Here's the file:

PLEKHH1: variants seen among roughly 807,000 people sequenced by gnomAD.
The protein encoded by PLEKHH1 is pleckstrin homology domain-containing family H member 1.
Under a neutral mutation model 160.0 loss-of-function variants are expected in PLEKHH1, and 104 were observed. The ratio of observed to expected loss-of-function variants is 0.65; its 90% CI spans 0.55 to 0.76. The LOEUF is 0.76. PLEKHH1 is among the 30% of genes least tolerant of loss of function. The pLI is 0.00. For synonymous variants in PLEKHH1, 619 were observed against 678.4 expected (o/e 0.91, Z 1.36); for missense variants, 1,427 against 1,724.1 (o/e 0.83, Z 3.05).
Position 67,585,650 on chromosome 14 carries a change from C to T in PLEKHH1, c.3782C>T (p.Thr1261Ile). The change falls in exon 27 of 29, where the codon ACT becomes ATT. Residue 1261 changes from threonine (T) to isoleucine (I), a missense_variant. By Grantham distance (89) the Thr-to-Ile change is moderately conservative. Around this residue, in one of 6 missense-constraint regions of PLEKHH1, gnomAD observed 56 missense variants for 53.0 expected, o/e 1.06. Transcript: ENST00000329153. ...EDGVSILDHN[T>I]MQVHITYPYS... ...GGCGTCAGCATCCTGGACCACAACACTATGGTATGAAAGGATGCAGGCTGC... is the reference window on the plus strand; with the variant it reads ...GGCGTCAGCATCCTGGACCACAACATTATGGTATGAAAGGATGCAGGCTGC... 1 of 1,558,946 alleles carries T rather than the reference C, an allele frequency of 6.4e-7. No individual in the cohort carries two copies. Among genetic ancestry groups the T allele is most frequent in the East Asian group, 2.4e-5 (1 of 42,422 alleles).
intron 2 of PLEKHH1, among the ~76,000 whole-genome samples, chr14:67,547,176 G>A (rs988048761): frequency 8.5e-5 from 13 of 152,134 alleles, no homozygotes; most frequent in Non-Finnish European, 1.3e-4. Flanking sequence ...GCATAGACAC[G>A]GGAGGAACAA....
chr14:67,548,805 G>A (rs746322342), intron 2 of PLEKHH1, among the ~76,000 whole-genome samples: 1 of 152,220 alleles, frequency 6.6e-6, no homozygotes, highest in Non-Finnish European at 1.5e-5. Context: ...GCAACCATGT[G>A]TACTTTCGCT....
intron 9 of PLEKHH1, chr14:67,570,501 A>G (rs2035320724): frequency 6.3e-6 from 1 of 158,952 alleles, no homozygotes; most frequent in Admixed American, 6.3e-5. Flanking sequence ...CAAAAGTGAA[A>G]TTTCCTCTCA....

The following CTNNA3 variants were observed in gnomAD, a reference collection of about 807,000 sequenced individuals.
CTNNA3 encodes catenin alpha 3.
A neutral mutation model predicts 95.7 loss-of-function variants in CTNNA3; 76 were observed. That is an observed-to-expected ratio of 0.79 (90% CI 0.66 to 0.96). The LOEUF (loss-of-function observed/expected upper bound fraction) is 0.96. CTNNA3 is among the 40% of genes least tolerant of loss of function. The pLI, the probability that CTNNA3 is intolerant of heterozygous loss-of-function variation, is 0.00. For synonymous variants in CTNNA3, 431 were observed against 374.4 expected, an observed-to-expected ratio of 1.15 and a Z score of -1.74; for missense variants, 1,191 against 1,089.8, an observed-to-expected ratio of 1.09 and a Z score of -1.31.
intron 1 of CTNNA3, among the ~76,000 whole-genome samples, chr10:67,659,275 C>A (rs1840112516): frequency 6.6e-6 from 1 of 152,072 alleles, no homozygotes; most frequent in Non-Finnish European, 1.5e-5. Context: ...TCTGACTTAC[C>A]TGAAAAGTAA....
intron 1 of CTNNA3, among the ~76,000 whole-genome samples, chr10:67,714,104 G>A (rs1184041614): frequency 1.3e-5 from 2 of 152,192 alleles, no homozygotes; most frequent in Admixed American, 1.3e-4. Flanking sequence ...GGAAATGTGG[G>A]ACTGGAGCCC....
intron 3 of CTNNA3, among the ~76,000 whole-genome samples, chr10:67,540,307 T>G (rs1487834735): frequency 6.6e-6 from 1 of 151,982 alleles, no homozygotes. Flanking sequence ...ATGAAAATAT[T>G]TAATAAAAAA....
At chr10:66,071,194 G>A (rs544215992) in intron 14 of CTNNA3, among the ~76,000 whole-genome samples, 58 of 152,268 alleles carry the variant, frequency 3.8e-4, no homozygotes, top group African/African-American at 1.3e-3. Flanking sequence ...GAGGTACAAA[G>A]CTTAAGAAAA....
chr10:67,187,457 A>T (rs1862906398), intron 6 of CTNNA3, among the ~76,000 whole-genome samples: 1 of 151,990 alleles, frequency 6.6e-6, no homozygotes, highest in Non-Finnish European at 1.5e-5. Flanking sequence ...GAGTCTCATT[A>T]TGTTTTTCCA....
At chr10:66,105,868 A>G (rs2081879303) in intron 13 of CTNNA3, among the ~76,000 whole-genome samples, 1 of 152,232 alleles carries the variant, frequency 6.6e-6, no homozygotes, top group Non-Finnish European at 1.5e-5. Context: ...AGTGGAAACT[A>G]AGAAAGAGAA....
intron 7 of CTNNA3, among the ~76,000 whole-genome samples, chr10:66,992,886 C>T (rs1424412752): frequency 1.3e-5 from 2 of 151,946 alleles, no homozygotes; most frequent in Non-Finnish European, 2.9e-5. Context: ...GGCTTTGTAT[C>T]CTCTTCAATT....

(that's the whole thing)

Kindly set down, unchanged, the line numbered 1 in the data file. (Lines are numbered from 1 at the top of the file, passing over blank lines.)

PLEKHH1: variants seen among roughly 807,000 people sequenced by gnomAD.